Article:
The long and twisted evolution of horror video games
Horror is one of the most popular game genres today. Scary games are especially popular with the streaming generation, who love to watch their favorite content creators panic. However, we wouldn’t have those countless jump fear reaction videos featuring the resident Evil 2 remake of Mr. X without years of fear-filled trial and error. Over the past decades, many trendsetters have relied on the innovators of the past. This trend continues even now with games like Resident Evil 7, with clear sound TP inspiration.
And it all started in the 1970s.
Come to the house
The horror world of video games spans many different subgenres born over the years. Many see the 1972 title Haunted house for the Magnavox Odyssey as the first fear-filled gaming experience – if you even consider a screen overlay to be a horror game. There were other very early attempts at the genre throughout the ’70s and early’ 80s, including various text-based games, pixel-filled movie adaptations for the Atari and NES like Friday 13 and Halloween, and of course, legendary IPs like Castlevania and Ghosts and Goblins. But no game has perfectly conveyed the feeling of a horror movie in the virtual playground until Splash.
Splash is a 1988 arcade beat ’em up that is best described as an’ 80s B horror film turned into a video game. You play as Rick Taylor, a man on the verge of death who pairs up with a symbiotic demon mask called the Mask of Terror. Together you slice, punch, and brutalize your way through a giant mansion to save your kidnapped girlfriend who must be sacrificed in an unholy ritual.
Gambling was the bloodiest thing many had ever seen, and that gore was its biggest selling point. It was unheard of, especially at a time before the Entertainment Software Rating Board (ESRB). Its TurboGrafx-16 port sported a parental warning and a message on the box that said: “The horrific theme of this game may be inappropriate for young children … and cowards.”
Today, Splash lives as a cult classic from the past, the start of a classic horror game series and one of the ancestors of the horror game genre.
house crawl home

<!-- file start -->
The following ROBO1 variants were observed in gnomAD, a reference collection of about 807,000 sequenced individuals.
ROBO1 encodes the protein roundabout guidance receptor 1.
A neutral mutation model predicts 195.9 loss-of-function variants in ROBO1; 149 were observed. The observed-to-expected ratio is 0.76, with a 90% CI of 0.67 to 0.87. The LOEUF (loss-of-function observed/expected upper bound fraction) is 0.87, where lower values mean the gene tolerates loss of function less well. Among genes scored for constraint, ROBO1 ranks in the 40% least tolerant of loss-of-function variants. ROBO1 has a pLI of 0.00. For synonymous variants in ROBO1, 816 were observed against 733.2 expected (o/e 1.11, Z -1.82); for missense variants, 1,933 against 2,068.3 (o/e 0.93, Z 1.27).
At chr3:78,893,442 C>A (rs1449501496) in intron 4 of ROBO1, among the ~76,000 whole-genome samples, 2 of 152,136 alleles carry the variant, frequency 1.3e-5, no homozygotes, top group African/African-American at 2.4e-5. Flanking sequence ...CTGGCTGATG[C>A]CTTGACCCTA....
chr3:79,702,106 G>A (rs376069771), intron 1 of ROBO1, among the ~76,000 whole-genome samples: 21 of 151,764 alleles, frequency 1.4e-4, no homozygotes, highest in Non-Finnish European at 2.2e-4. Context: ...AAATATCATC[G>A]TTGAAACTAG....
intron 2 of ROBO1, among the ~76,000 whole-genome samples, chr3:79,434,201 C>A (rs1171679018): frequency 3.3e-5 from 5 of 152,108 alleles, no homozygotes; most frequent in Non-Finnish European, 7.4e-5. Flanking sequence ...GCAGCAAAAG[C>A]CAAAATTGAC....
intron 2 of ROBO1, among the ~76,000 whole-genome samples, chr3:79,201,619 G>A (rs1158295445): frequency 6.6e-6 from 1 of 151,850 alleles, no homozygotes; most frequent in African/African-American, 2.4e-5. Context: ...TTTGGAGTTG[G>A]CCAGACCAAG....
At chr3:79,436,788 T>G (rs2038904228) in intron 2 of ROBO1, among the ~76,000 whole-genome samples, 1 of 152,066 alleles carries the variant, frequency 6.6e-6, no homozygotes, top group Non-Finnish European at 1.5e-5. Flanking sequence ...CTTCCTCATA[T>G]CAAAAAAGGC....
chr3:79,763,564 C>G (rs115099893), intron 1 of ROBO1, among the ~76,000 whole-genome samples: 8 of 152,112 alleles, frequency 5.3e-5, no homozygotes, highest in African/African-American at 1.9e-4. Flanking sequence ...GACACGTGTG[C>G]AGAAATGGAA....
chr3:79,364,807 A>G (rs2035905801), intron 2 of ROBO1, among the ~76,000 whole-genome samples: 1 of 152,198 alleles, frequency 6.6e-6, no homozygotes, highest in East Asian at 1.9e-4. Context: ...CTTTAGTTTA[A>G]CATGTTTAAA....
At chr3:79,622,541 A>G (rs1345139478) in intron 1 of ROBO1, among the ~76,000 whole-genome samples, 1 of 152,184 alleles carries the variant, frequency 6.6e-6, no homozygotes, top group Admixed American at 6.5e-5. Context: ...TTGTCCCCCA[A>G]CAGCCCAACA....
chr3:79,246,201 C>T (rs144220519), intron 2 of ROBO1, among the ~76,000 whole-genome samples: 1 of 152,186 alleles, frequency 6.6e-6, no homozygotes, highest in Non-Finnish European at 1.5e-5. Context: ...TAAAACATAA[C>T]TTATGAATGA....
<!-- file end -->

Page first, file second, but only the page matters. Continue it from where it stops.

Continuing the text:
While Splash laid the groundwork for gore and monsters in the horror game world, it was primarily an action game with the only element of survival being untouched. The origins of the most famous horror genre, survival horror, date back to the early 1980s with NEC’s PC-6001s Nostromo, Atari Haunted house, and the ZX81 from Sinclair Research 3D monster maze. These three titles introduced the world to a new kind of game where things couldn’t be resolved through violence, but through passive progression, with an emphasis on solving puzzles and using stealth to bypass. the assailant.
The elements introduced by these titles finally came together on the Nintendo Entertainment System with the 1989 Capcom game,Sweet home. This classic JRPG based on a Japanese horror film of the same name introduces the player to a group of five filmmakers exploring an old mansion full of ghouls, ghosts and specters. There is only one goal: To escape with your life.
To do this, players find items to place in their limited inventory and solve puzzles throughout the mansion while fighting or dodging creatures of darkness. Bad play and one party member can bite the dust permanently, leaving one less member to help on the trip. This game is cited as one of the first to tell a long horror story and does so with diary pages found throughout the game.
If many of these details sound familiar to you, it is because so many Sweet homethe features of were a direct inspiration for what would become the king of horror games, the 1996s Resident Evil, which was originally supposed to be a Sweet home remake for a new generation.
All the glory for inspiring the revolutionary resident Evil series cannot be credited Sweet home Nevertheless. There are also EAs Firestart Project and Infogrames’ Alone in the dark. These games have fleshed out classic survival horror tropes even further. Features like full narration, dynamic music, limited ammo that barely scares hard-to-kill monsters, pre-rendered backgrounds, and a simple human main character are all here. And no one can forget the years 1995 Clock tower, which introduced the world to Scissorman, as well as more stealthy elements in the genre, and pushed the idea of multiple endings, which was also featured in Sweet home and the years 1993 Splash 3.